During arthroscopic shoulder fusion, the upper arm bone is permanently joined to the shoulder socket with screws. This locks the shoulder in place to reduce pain. This procedure is performed with a minimally invasive method that utilizes an arthroscope (a narrow tube with a video camera on its end) inserted through small incisions in order to guide the surgeon through the procedure.
Also Known As:
- Arthroscopic joint fusion-shoulder
- Arthroscopic shoulder joint fusion
- Arthroscopic shoulder arthrodesis
- Shoulder arthroscopy
- Arthroscopic surgery
- Shoulder surgery
- Shoulder fusion
Conditions Treated with Arthroscopic Shoulder Fusion:
Arthroscopic shoulder fusion is utilized in order to treat chronic sepsis, severe shoulder pain, shoulder injury, and arthritis, osteoarthritis and rheumatoid arthritis of the shoulder.
Non-surgical alternatives to arthroscopic shoulder fusion include pain medication, anti-inflammatory steroid injections, strength training, physical therapy and the use of the shoulder brace. Shoulder joint replacement is a surgical alternative.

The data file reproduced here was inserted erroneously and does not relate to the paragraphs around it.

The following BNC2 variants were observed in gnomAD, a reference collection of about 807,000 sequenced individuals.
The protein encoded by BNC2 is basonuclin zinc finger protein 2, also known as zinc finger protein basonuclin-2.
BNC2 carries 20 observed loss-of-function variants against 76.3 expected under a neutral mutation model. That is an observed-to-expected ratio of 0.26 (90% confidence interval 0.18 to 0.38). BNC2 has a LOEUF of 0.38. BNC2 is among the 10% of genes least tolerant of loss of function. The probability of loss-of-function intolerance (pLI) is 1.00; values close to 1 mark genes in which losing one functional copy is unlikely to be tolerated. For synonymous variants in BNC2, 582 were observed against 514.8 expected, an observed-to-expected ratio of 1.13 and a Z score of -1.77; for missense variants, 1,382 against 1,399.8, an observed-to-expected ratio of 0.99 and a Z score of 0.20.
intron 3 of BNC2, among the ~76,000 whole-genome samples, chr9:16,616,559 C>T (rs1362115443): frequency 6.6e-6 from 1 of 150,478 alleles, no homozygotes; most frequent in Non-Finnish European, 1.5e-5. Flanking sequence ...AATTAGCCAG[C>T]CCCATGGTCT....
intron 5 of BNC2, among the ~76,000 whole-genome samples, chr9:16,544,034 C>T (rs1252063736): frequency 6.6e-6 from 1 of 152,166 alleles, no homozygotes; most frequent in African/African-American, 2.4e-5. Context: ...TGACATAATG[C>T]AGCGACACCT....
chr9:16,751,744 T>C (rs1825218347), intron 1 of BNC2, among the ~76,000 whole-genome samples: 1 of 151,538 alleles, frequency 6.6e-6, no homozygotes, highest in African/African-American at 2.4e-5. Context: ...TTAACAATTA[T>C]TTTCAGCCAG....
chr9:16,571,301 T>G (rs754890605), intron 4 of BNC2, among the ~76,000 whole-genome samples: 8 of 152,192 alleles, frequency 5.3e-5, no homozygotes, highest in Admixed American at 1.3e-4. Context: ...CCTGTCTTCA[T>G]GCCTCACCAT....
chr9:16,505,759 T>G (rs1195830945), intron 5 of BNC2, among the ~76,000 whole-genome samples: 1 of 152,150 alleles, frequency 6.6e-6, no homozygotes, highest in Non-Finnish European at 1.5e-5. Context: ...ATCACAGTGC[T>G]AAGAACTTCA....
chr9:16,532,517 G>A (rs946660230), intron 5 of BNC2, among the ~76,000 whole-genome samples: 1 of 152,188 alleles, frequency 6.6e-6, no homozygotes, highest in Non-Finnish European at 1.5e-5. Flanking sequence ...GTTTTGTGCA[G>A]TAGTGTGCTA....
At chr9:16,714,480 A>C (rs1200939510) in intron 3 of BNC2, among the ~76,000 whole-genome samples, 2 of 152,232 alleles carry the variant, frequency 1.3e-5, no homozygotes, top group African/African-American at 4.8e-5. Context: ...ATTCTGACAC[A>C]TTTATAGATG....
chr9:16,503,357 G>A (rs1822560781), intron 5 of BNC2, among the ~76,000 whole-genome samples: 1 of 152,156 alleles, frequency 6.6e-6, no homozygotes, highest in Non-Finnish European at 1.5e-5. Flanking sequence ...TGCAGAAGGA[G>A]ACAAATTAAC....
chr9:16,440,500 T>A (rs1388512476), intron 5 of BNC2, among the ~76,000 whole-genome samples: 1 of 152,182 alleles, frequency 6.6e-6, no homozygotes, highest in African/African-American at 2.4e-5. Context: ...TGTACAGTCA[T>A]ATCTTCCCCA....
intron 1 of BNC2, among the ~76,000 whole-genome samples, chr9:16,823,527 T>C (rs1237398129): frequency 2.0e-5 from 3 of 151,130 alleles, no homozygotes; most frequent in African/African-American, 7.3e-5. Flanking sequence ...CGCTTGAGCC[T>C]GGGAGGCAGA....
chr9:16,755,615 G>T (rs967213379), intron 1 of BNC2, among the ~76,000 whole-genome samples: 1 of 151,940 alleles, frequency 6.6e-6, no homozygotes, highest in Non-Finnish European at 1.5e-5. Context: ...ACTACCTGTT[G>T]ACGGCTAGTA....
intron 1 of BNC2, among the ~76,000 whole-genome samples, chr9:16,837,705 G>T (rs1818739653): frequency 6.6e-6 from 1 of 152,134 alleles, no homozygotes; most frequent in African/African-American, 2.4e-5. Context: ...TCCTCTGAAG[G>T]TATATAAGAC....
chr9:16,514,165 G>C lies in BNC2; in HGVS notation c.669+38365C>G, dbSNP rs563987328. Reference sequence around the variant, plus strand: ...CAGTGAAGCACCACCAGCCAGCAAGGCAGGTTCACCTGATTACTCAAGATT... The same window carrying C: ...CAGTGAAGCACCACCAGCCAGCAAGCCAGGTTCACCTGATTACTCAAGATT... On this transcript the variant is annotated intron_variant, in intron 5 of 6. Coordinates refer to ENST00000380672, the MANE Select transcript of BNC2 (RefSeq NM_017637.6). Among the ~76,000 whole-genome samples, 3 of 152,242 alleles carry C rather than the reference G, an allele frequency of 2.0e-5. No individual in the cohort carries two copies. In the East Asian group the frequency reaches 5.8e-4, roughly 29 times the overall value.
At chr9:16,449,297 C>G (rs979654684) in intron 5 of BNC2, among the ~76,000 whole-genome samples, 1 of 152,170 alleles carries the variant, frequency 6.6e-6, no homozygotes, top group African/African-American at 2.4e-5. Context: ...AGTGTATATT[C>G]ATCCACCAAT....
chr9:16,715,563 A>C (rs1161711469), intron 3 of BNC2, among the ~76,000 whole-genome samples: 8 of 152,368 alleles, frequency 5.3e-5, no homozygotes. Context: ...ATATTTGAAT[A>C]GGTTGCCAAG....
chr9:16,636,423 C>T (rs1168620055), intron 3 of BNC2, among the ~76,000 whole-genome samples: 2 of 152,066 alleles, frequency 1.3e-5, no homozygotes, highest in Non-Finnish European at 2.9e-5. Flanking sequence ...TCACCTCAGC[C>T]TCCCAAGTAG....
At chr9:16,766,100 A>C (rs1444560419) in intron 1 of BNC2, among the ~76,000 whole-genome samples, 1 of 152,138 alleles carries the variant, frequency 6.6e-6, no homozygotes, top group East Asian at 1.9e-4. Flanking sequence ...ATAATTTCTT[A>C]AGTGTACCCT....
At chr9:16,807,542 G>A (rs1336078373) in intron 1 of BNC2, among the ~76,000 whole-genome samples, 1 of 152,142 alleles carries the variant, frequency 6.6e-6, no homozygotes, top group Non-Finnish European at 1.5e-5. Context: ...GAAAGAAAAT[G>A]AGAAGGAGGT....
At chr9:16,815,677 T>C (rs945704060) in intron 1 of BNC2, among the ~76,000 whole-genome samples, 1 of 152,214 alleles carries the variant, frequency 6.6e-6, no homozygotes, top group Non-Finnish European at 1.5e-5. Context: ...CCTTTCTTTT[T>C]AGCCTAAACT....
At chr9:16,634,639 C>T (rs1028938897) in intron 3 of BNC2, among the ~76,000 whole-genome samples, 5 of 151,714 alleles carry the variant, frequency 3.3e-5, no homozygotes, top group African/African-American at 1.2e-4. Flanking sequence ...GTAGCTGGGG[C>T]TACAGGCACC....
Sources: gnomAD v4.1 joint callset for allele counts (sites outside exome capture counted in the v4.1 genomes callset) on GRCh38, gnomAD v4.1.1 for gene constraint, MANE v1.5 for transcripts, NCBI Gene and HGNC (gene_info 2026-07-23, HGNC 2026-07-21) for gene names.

Anesthesia with Arthroscopic Shoulder Fusion:
Arthroscopic shoulder fusion is performed under general anesthesia, which means that the patient is asleep and completely unaware during the procedure.
Potential Complications from Arthroscopic Shoulder Fusion:
Possible risks following arthroscopic shoulder fusion include infection, bleeding and a negative reaction to the anesthesia. It is also possible to experience reduced mobility and for the bones to fail to fuse together.
Prognosis after Arthroscopic Shoulder Fusion:
The prognosis for a positive end result following arthroscopic shoulder fusion is very good. In most cases, joint pain is relieved.